I heard a troubling story on the radio about families in El Salvador, Honduras and Guatemala sending their children to USA for safety and care. http://nydn.us/1l5GNno Some of the children have special needs and illnesses but all are simply in need of nurture, care and safety. Our friend, Salvador is from there, his mother still lives there? Things are not good in El Salvador right now. Children are recruited into gangs and find the daily pressures on the lives of children unbearable. Coyotes, people who take people to a new place to live for money, are paid hugh-normous fees to pack the children into vehicles and take them into Nogales, Arizona. Then what? They are sent to temporary shelters, placed in US foster families or with guardians and wait for deportation. But with tens of thousands of children arriving, there is not enough food, shelter, water or safe spaces for the children of all ages. I can hear them, see them as the radio story continues, adding that some of the children were actually born in the US but parents are not eligible for citizenship. These are our children. (They all are our our planet’s children, us.) I feel myself getting deeply affected, saddened, worried, and angry. We feel powerless when we don’t help, yet the US spends money to build new prisons, send fancy weapons to outlying regions as we wage was for oil…? Yet we can help these children to safety? A refugee camp for children with trained and educated caregivers, teachers, medical care and places to play and help with growing food? How much does that cost? What are the border patrol doing with their time? OR Me with mine?
Yesterday I picked up Liza after her last day of preschool and thought about the young Nigerian women who had expected to take a physics exam that morning of their kidnap. I thought about Liza’s little paper mortar cap and the photo book, portfolio of her work and the promise we all felt on this day, a transition, one that we know leads to so many other special days like this in her life full of promise. The Nigerian teen women meant hope for their country, doctors, teachers, brilliant women for Nigeria’s future. Like you and Liza do for our country. She will someday do great things, as will millions of other preschoolers at their end-of-year celebrations all over our country today, next year and the next. We expect little Liza will be smart, capable and safe. Nigerians can’t assume any of this about their daughters. They are taken, sold as wives, slaves and they say nobody can stop this. Tht cannot be true. We have to.
There are so many awful things we say we can’t stop but we have to…the plastic scraps in ocean currents on far away beaches from our organic lettuce and fresh berries baskets
our gun laws
But wait, I know Liza just finished preschool and you are done today with first grade. But be readied kids. There is so much to do. I was overflowing with sense of frustration, burdened with the problems of the world and switched the radio off and CD player on listening to Vicki Coffis singing Save the Whales….and remembered the tiny bit of progress we have made in some areas. We nearly saved those whales. I breathed deeply to cleanse my air from the toxic thinking and opened the windows to the chilly fog and went to get you in your classroom. On the way home we sang with Vicki, “Got to make the world a better place….la, la, la (raggae)…. wars on our shoulders, yea…”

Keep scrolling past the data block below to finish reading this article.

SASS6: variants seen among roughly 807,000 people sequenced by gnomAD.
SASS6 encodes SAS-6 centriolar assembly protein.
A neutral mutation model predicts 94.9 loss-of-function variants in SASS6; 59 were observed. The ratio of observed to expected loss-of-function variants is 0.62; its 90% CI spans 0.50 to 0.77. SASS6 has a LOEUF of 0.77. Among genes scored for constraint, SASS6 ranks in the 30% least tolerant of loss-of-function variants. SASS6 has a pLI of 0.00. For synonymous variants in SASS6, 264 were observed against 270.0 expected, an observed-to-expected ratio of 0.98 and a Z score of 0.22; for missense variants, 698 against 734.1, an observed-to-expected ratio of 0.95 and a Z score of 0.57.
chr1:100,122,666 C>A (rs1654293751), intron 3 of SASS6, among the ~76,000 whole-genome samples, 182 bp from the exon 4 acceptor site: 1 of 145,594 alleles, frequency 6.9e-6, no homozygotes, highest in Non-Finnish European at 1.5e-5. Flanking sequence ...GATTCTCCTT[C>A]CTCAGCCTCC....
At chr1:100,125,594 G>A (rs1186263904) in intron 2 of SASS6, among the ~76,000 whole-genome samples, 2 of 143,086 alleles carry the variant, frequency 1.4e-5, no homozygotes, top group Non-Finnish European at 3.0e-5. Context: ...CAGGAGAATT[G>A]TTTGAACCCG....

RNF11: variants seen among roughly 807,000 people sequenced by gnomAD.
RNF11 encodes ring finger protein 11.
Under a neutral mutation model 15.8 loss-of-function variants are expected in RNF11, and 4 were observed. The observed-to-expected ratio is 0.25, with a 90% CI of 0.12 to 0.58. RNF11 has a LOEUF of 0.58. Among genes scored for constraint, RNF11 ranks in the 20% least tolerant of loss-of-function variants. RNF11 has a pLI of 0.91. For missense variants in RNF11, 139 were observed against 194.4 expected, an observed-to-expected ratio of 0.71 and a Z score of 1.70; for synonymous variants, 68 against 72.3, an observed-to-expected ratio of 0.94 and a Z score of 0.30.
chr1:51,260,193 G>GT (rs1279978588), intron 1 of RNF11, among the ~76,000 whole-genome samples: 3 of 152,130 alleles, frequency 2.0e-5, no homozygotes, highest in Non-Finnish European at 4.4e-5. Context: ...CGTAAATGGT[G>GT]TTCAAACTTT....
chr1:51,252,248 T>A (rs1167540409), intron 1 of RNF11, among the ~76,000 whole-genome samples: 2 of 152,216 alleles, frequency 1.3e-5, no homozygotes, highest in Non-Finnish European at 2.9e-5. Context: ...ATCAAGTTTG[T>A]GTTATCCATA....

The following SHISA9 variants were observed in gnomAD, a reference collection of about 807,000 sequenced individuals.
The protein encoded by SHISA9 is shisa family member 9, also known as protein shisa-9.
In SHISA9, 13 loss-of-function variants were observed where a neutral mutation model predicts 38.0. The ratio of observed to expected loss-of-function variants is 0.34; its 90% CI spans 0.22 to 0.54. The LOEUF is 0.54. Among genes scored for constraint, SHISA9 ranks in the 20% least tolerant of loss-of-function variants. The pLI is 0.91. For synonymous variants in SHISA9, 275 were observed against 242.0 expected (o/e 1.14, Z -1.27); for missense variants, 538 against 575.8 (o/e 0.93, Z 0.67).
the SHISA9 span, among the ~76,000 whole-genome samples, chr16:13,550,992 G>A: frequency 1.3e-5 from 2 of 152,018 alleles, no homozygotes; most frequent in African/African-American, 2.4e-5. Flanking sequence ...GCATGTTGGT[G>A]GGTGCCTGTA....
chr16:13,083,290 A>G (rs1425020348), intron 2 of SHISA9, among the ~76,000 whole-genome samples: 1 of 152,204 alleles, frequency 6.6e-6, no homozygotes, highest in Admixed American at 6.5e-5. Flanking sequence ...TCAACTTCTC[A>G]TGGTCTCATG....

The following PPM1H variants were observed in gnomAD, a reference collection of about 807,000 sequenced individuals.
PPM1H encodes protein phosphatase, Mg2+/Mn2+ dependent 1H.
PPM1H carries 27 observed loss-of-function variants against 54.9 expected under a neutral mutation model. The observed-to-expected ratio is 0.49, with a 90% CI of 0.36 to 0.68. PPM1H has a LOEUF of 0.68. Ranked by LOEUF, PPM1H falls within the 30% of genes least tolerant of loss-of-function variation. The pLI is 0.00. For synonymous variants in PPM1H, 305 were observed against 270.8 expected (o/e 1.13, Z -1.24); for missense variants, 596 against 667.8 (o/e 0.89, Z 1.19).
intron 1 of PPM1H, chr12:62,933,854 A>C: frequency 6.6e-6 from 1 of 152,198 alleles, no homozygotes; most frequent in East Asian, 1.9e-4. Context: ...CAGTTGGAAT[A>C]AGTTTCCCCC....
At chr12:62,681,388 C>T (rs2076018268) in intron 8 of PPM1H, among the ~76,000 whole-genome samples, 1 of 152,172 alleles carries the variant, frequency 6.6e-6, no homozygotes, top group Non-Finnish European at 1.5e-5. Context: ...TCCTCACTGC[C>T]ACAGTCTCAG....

I asked you what you’ll always remember about first grade. You tell me and your sister, I’ll always remember Ms. Herd. I will always love this teacher.” Liza reminds you that you will have a different teacher next year and that she will have Ms. Herd. “Well,” you tell her, “you better be ready to work really, really hard, Ellie.” You continue. “You have to be honest, kind and never hurt any living thing.” “You can never never fight or steal things from kid’s cubbies or take things out of other kid’s lunches.” You breathe deeply with an air of importance. I ask if there are other things you’d like your sister to know.
“You better learn to read or a special teacher comes and takes you away from class.”
“You have to clean up everything and do your work that she tells you. Don’t try to do a different thing like art or reading a fun book. You have to do exactly what they say. No choice.”
It’s not like preschool, just play, play, play all day. Its work and sometimes you will cry about it.”
Liza picks at her nose.
“There are really good rules. Always follow them. Or the police might come.”
“Police?” 4 1/2 yr old Liza asks, incredulously.
“It’s not for jail. Its to make sure you know it is serious. You go the the principal’s office if you steal things.”
“What does the principal do?” asks Liza, planning ahead.
“How should I know? I never went there. But I think she makes you listen to her for a long, long time. She can’t make you go to your room or anything. It’s just mad talking, I think. And that’s bad.”
“Oh, and you shouldn’t bring bad food in your lunch. I mean only healthy stuff and not litter. Its better for the environment.”
“I know,” says Liza. “What else?”
“If you read 25 books you can choose a stuffy out of the bin.”
“Oh, if you want to draw you can’t, unless its time.”
“Oh, except sometimes you can’t go to the bathroom either during work time. That’s a stupid rule. Isn’t it?”
“I guess I’ll pee my pants,” says Liza. I bet she will, too. Don’t you?